Mr El Sisi made the surprise announcement at a meeting on Thursday with newspaper editors and talk show hosts during a visit to southern Egypt to inspect an agricultural project. His office released a video clip of his comments late on Thursday night.
“Frankly, we need a political dialogue that is compatible with the notion of building or launching the new republic,” he said, without giving details.
The term “new republic”, coined last year by pro-government media outlets and later adopted by the government, refers to the country under Mr El Sisi's rule.
Since taking office in 2014, he has launched a drive to overhaul the economy, upgrade infrastructure — including building new bridges, thousands of kilometres of motorways and new cities.
Mr El Sisi said he would release details of the proposed dialogue later this month.
While it is not clear who will participate in the dialogue or what its aim is, the proposal comes at a time when the economy is reeling from the fallout of the war in Ukraine and as most Egyptians struggle with increasing food and energy prices.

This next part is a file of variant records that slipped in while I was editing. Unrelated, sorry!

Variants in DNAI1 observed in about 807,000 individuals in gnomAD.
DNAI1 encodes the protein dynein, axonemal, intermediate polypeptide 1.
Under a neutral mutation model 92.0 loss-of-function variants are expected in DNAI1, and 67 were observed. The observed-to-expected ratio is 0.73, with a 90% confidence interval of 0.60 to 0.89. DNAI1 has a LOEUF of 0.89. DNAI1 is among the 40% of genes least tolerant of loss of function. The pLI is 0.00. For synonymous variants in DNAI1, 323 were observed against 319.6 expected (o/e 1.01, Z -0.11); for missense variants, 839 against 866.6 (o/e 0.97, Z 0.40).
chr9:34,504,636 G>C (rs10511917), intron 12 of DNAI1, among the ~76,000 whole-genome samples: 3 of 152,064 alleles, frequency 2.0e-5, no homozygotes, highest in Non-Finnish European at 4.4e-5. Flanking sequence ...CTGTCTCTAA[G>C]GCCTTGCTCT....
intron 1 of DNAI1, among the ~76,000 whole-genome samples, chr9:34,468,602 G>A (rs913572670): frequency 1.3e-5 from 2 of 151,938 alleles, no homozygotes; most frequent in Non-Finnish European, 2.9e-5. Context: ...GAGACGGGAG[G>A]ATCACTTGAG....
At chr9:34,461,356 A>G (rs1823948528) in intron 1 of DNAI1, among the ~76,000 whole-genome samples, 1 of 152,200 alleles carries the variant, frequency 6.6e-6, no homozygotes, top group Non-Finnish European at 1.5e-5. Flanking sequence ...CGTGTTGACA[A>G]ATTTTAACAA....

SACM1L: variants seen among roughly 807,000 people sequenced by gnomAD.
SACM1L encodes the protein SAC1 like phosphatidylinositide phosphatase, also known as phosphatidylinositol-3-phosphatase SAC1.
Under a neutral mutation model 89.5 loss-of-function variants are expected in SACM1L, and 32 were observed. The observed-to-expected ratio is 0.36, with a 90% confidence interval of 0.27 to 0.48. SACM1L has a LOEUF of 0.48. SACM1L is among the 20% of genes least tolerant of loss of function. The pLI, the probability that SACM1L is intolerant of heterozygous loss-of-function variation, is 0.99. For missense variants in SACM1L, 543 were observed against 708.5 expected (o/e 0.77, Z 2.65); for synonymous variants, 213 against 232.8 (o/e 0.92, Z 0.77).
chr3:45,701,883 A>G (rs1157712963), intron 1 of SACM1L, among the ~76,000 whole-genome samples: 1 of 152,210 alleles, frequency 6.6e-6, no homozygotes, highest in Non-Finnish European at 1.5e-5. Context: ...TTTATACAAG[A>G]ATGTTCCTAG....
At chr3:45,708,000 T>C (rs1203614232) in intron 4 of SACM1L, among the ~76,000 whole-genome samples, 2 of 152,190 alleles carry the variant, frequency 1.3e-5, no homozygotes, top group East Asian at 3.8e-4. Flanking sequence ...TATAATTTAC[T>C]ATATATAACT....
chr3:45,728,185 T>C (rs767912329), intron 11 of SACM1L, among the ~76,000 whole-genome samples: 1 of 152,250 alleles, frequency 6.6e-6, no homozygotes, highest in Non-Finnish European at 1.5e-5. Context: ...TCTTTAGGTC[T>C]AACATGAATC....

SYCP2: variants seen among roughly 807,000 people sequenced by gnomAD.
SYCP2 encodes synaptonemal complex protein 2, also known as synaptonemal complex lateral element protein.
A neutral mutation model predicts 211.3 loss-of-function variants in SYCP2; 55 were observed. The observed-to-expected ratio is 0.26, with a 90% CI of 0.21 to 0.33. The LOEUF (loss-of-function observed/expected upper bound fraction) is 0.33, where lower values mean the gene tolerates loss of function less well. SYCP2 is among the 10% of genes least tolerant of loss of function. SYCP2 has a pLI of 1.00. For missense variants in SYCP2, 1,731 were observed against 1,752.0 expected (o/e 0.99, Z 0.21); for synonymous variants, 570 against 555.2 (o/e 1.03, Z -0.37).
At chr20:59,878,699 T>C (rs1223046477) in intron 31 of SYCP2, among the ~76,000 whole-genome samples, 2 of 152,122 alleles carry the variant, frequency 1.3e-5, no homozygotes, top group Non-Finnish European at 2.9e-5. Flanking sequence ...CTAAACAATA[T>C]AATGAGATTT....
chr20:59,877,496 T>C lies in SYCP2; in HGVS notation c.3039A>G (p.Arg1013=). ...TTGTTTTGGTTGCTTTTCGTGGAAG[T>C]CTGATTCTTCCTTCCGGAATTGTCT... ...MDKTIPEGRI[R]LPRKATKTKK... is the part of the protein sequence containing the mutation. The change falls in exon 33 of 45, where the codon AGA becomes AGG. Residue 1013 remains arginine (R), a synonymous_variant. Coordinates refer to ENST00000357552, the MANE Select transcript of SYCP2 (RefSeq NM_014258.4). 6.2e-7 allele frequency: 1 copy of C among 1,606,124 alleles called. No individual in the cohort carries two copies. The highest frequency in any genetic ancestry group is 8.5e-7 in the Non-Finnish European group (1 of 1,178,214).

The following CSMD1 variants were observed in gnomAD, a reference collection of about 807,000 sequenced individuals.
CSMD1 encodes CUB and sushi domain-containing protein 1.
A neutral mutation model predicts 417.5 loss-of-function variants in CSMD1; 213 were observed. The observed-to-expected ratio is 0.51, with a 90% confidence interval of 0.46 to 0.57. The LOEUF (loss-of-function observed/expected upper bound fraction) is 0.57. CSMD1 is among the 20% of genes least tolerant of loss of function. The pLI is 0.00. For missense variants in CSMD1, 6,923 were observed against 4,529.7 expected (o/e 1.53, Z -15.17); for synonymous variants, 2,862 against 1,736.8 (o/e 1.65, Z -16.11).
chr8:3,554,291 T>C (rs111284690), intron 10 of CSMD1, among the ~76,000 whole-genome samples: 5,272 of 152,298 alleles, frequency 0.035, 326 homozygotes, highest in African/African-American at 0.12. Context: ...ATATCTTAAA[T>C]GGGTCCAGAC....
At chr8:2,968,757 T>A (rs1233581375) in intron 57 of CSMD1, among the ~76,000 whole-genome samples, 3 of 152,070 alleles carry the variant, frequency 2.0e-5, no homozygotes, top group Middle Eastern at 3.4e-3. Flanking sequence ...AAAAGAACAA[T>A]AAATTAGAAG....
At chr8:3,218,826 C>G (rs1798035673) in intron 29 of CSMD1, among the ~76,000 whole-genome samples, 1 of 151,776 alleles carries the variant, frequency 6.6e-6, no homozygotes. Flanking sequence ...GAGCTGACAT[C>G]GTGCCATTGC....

“The current crisis is extremely brutal,” Mr El Sisi said, pointing out that it hit at a time when the country was emerging from an economic slump caused by the coronavirus pandemic.
Mr El Sisi has, in the past, publicly stated his disdain for politics, saying his overriding priority was to feed Egypt’s 103 million people and provide them with decent housing, adequate medical care and education.
Parliament is packed with his supporters. While there are many political parties, none has any following to speak of, or is able to offer alternative policies or effectively challenge those of the government. Street protests are effectively banned.
The media is under government control or toes the official line, leaving social media as perhaps the only forum for alternative views.
However, many Egyptians see Mr El Sisi as a no-nonsense leader who has worked relentlessly to modernise the country, overhaul the economy and improve a wide range of services.
He has acknowledged that Egyptians paid a “cruel bill” for the economic reforms he introduced in 2016, including new taxes, the removal of subsidies on essential foodstuffs and fuel and devaluing the currency.
On Thursday, he credited those reforms for Egypt successfully weathering the impact of the Covid-19 pandemic on the economy, which showed growth at a time when the economies of most countries in the region contracted.